In a recent study, researchers from the Springer journal “Environment Systems and Decisions” investigate the effects of hard forks on the stability of cryptocurrencies. The focus is on the numerous hard forks that the Bitcoin ecosystem had to endure so far. According to the authors of the study, these did not just help the cryptocurrency.

Bitcoin Gold, Bitcoin Diamond, Bitcoin Private, and and and … The list of Bitcoin hard forks has grown to more than 70 different Altcoins over the last few years. They all bear the label “Bitcoin”. The most prominent is Bitcoin Cash, whose strongest advocate Roger Ver never tires of emphasizing that BCH lives up to the original vision of Bitcoin inventor Satoshi Nakamoto rather than BTC. While not all Bitcoin hard-forks tackle the BTC as hard as the Bitcoin cash community does, they are in a sense “meat of Bitcoin’s meat.” But how often can you do a chain split before the chain breaks?

Hard Fork: A sign of weakness?

The researchers Benjamin D. Trump, Emily Wells, Joshua Trump and Igor Linkov investigate this question in the study “Cryptocurrency: governance for what is meant to be ungovernable“. They make hard forks as an inescapable mechanism of conflict resolution on a block chain. The governance of a blockchain is based on a decentralized consensus finding. If different opinions manifest themselves, this does not result in a majority decision or a compromise, but in a split in the ecosystem. So every page can realize its own vision for itself.

On the one hand, the consensus-building mechanism of the Bitcoin community sees the completion of democracy. However, in their analysis, scientists are more likely to conclude that any hard fork is a failure of governance. Hard forks therefore lead to a destabilization of the affected cryptocurrency and lower the confidence in the ability to solve problems. On the way to a global mass adaptation of cryptocurrencies, hard forks are extremely damaging from the researchers’ point of view. Blockchain developers and the entire community are thus faced with the challenge of finding a suitable control mechanism for the decentralized network.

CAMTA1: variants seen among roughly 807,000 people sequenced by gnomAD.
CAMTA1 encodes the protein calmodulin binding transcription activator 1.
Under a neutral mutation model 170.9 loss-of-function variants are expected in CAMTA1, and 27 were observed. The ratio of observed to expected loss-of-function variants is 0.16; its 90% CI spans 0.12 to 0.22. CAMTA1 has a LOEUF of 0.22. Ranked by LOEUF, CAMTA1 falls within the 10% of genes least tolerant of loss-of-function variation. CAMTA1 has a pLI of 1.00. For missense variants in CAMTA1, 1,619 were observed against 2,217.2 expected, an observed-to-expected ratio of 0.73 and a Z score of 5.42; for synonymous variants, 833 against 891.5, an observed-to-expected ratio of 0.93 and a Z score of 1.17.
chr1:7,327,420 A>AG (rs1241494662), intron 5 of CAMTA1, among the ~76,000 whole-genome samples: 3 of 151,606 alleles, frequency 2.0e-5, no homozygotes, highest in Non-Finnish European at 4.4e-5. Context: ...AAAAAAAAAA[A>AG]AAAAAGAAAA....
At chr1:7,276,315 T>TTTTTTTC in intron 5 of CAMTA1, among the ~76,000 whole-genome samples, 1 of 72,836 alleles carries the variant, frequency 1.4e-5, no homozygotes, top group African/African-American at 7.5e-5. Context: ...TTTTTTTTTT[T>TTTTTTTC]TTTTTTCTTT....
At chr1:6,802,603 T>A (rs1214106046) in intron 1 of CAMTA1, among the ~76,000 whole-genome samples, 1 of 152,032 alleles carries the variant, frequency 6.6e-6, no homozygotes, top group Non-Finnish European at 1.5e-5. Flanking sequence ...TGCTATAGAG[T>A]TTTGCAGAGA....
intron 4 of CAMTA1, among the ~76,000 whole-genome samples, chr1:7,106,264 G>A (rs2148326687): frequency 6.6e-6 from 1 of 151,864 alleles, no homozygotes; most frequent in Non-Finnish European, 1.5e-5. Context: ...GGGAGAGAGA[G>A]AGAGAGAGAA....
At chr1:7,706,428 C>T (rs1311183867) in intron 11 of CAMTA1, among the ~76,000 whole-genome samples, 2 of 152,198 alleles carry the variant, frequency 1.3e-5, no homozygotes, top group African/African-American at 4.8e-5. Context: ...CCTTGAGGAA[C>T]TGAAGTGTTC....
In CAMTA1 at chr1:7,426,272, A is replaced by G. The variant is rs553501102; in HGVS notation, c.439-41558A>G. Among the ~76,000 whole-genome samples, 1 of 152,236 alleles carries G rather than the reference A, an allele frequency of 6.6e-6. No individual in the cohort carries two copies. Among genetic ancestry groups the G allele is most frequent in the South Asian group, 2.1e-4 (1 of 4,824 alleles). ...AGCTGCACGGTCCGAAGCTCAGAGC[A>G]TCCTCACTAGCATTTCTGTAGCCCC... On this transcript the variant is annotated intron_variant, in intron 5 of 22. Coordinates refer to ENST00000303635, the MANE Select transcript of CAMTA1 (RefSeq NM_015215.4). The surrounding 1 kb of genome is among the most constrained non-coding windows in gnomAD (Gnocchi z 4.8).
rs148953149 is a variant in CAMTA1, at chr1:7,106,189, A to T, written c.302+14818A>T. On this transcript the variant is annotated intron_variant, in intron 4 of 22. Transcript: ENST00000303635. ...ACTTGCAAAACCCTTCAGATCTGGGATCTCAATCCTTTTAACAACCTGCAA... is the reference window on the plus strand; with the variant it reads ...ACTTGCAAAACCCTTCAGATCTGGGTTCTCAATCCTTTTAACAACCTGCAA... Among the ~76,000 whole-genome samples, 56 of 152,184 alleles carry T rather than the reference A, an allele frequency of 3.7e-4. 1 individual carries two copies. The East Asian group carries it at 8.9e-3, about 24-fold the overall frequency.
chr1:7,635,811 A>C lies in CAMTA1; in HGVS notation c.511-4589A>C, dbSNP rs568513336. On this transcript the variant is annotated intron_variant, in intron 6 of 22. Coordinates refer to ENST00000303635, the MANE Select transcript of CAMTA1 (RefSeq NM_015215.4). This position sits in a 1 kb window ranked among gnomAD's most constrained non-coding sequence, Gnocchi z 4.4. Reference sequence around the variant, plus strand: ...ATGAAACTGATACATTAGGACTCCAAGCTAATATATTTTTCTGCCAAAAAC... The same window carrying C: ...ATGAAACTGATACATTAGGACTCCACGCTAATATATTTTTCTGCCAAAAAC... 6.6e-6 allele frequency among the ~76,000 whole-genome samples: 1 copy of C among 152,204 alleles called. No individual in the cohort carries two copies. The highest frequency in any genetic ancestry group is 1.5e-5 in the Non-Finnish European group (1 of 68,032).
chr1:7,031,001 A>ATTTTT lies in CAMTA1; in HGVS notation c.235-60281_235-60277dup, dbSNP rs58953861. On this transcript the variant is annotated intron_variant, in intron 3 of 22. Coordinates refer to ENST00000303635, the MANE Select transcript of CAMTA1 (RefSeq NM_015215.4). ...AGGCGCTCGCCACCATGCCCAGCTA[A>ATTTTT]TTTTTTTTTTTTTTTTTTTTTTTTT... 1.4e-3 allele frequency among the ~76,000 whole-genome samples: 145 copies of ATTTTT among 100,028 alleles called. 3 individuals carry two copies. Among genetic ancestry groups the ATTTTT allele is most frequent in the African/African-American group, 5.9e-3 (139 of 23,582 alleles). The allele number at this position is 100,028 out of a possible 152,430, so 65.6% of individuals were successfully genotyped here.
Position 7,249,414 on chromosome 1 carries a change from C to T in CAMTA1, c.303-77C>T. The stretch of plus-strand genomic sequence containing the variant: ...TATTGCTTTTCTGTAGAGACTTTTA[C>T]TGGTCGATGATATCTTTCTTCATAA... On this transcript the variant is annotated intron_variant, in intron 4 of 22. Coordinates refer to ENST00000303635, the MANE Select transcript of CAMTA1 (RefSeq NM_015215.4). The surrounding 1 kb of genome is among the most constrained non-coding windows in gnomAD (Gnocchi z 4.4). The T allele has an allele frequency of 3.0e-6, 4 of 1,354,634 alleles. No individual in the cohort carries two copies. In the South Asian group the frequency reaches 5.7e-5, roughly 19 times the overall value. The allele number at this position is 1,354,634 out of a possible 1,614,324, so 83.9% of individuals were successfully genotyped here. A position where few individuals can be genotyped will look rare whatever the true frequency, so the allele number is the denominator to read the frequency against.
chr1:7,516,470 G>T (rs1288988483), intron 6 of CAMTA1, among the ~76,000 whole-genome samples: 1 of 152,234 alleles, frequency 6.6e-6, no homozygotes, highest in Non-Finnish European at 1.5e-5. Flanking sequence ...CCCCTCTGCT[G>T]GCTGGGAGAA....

Blockchains: designed for ungovernability?

At the same time, the study warns against forgoing the decentralized nature of decision-making for reasons of better controllability. Rather, the authors present a model of “anticipatory governance.” As part of this, potential challenges for the software should be identified at an early stage and solutions discussed in plenary should be discussed broadly. In short, more compromise, less cleavage in the crypto-ecosystem.

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